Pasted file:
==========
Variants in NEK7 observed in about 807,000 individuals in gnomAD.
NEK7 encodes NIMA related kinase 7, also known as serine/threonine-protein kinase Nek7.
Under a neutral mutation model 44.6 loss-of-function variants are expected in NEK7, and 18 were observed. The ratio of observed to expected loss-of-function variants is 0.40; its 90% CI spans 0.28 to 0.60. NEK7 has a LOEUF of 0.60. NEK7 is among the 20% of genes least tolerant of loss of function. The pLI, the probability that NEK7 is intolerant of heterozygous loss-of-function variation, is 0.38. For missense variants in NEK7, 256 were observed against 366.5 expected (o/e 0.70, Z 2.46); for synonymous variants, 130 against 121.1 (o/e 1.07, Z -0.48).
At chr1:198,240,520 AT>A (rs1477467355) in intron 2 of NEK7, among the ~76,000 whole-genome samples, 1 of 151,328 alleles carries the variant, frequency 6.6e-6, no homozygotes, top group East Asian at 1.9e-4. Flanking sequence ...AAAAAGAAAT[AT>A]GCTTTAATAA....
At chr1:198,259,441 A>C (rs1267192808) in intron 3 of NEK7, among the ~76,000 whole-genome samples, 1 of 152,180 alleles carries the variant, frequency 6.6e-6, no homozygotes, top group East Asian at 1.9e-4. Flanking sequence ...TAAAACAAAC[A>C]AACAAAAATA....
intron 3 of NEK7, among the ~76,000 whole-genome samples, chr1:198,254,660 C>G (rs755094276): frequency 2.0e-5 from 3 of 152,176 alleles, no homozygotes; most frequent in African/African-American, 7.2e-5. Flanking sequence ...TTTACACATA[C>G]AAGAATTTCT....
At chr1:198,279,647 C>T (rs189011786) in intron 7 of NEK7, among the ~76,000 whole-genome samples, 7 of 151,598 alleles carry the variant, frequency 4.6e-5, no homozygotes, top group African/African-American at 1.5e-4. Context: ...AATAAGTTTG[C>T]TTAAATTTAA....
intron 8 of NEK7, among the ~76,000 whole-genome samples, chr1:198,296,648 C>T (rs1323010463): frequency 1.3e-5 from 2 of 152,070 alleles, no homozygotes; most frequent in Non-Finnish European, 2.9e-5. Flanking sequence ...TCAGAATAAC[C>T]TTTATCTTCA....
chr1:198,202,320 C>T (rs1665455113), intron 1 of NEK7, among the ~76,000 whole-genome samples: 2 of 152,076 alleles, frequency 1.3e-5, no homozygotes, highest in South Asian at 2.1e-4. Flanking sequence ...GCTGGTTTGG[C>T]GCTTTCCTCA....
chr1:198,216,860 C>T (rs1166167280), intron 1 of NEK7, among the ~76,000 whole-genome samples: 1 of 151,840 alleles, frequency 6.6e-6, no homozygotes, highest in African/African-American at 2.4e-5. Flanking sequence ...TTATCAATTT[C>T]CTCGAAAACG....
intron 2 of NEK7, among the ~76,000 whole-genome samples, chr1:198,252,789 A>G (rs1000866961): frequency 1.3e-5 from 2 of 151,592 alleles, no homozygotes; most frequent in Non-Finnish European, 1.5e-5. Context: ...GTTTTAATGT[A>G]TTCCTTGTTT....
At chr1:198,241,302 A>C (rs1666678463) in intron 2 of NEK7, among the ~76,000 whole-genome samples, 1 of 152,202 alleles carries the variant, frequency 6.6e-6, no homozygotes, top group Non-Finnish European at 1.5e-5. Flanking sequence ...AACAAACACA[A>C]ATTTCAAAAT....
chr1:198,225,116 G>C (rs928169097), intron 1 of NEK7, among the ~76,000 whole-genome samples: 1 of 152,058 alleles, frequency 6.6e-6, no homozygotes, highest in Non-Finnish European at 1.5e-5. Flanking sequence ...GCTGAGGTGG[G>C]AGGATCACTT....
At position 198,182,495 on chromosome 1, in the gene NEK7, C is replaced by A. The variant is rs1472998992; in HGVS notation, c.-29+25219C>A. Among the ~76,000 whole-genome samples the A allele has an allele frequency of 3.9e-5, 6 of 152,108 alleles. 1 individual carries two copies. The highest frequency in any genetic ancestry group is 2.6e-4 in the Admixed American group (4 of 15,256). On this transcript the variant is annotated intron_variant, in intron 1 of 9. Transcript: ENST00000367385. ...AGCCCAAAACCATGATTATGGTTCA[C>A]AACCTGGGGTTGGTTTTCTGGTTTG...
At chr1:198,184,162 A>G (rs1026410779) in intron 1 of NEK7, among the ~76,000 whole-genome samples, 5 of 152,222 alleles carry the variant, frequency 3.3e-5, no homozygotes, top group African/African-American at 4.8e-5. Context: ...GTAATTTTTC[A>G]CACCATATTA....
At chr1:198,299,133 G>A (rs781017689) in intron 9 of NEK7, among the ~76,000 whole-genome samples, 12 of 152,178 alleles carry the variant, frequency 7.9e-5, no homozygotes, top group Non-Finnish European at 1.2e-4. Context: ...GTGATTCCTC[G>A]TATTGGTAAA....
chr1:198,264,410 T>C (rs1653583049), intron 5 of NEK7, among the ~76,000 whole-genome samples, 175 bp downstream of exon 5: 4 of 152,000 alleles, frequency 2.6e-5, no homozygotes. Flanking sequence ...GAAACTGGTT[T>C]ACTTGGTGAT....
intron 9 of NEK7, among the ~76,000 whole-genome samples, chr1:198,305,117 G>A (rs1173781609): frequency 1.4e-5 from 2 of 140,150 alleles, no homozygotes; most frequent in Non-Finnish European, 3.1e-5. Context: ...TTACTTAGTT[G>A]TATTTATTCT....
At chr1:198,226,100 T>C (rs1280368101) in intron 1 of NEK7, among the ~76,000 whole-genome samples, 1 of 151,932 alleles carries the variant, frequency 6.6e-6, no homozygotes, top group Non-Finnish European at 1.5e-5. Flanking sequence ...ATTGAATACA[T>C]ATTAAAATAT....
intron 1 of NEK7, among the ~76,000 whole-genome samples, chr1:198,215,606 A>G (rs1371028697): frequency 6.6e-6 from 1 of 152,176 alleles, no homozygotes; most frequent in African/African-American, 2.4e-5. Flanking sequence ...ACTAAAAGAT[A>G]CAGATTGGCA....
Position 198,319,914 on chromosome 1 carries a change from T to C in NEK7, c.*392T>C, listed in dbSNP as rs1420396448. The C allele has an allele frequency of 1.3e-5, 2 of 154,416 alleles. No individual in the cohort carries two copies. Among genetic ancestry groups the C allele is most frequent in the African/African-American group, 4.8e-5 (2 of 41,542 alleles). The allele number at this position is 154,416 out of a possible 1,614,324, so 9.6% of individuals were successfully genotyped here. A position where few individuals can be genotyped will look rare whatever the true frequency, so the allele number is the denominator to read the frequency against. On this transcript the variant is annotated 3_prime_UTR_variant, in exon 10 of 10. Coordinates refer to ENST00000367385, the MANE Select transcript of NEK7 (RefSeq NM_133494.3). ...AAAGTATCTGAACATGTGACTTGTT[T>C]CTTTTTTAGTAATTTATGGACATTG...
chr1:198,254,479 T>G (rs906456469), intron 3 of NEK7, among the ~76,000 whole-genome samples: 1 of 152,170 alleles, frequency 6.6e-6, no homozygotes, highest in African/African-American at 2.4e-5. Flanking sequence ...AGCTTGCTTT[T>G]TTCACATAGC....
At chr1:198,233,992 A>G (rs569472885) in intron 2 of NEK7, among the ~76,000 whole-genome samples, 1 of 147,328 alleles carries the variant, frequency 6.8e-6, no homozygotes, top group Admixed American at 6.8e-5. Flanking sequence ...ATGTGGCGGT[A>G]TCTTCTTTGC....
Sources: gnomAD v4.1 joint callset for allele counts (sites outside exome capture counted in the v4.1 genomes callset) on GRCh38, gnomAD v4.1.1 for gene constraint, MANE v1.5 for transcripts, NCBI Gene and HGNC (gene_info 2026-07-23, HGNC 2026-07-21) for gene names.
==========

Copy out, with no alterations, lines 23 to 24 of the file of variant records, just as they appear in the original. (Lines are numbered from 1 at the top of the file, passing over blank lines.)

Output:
At chr1:198,233,992 A>G (rs569472885) in intron 2 of NEK7, among the ~76,000 whole-genome samples, 1 of 147,328 alleles carries the variant, frequency 6.8e-6, no homozygotes, top group Admixed American at 6.8e-5. Flanking sequence ...ATGTGGCGGT[A>G]TCTTCTTTGC....
Sources: gnomAD v4.1 joint callset for allele counts (sites outside exome capture counted in the v4.1 genomes callset) on GRCh38, gnomAD v4.1.1 for gene constraint, MANE v1.5 for transcripts, NCBI Gene and HGNC (gene_info 2026-07-23, HGNC 2026-07-21) for gene names.